Front-month futures in New York are down 4.7% this week after a
four-day selloff. While a number of producing nations have reached an
initial deal to extend supply curbs past June, according to Saudi
Arabia’s energy minister, data showing rising
US output is prompting concern that those reductions will be
“We are once again seeing the emerging stalemate between OPEC and
non-OPEC cutting efforts on one side and rising US production on the
Ole Sloth Hansen, head of commodity strategy at Saxo Bank in
“We are currently testing the lower end of the range. This
market is unlikely to go anywhere for the foreseeable future.”
Oil’s rally has faltered after three straight weekly gains on
expectations the Organisation of Petroleum Exporting Countries and its
allies will extend its supply reductions. Prices dropped by more than
3.8% on Wednesday after data showed US
crude production rose for a ninth straight week, even as stockpiles
continued to decline from a record.
West Texas Intermediate for
June delivery was at $50.66 a barrel on the New York Mercantile
Exchange, down 5 cents, at 10:53 in London. Total volume traded was
about 37% below the
100-day average. The May contract expired on Thursday down 17c at
$50.27, the lowest close for front-month futures since April 3.
Brent for June settlement slipped 5c to $52.94 a barrel on the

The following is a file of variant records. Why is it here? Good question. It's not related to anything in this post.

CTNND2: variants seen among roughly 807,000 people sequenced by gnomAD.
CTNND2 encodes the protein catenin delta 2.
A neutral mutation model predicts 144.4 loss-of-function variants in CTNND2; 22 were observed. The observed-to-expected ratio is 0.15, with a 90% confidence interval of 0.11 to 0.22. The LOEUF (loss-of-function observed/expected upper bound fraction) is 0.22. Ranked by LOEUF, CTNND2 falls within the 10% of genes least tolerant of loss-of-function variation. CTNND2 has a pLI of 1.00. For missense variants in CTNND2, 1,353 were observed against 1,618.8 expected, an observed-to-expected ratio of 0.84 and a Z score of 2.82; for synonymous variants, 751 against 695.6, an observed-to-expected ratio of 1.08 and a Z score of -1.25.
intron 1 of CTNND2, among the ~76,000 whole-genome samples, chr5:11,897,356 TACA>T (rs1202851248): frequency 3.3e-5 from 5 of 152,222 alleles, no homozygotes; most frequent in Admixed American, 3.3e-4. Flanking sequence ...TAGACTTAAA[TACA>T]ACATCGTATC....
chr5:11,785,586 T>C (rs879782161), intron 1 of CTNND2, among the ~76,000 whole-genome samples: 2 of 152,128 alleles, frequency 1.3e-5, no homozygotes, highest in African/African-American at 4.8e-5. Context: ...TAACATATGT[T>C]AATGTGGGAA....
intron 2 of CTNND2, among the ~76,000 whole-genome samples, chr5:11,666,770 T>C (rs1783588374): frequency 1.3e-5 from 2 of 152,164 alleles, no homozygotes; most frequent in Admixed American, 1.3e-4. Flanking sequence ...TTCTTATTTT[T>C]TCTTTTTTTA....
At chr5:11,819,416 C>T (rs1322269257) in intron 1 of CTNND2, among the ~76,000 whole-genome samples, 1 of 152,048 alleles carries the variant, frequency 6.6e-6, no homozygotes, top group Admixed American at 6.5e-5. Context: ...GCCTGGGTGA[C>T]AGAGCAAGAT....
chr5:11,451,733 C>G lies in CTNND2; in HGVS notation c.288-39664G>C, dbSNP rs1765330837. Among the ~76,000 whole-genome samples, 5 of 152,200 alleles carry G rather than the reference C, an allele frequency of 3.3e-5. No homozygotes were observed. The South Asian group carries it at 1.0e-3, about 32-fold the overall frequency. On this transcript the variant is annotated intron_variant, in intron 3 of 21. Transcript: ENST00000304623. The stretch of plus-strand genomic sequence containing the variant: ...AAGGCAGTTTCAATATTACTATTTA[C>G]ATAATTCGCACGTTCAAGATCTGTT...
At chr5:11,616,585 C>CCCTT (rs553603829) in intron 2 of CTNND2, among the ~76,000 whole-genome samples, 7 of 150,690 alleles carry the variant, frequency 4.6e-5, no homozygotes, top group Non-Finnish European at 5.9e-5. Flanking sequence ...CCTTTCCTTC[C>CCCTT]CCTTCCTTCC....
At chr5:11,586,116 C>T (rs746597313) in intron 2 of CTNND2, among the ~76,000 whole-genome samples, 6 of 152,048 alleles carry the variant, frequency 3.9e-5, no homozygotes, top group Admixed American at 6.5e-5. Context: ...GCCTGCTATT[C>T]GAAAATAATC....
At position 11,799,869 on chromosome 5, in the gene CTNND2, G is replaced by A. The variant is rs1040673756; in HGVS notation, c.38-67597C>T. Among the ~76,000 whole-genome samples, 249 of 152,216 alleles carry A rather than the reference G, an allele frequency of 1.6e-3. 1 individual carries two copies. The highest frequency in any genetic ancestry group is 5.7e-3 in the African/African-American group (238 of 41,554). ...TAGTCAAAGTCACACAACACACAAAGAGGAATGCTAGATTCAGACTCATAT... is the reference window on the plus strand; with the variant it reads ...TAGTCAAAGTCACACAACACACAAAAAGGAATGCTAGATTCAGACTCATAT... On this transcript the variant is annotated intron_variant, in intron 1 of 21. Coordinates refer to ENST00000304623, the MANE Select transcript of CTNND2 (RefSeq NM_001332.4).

London-based ICE Futures Europe exchange. Prices are down about 5.3% this week. The global benchmark crude traded at a
premium of $2.28 to WTI.
Goldman Sachs said there’s
no fundamental evidence in the oil market to justify the slide, which was driven by technical indicators.
“We view technicals rather than fundamentals as the driver of this
move lower,” Goldman said in an April 20 report, referring to
The US inventory data released the same day was “in
line with expectations,” and the slide accelerated as prices traded
through their 50- and 100-day moving averages, the bank said.
Still, OPEC itself is voicing concern over the global glut it aims to
ease. The group and other nations have
failed after three months of curbs to achieve their target of reducing
global inventories below the five-year historical average, Saudi Oil
Khalid Al-Falih said.
OPEC will decide at a meeting on May 25 whether to
prolong its pledged cuts into the second half.
US crude production rose by 17 000 barrels a day to 9.25 million a day
last week, according to the Energy Information Administration. That’s
the highest since August 2015.
Stockpiles dropped by 1.03 million barrels to 532.3 million.
Gulf Cooperation Council countries agreed to push for an extension to
the OPEC-led cuts in a meeting on Wednesday, Oman Oil Minister
Mohammed Al Rumhy said in an interview in Abu Dhabi.
Libya’s El-Feel oil field is ready to
resume production after a two-year halt in operations that crimped the
OPEC nation’s output, but there’s a problem: It doesn’t have enough
electricity to pump the crude.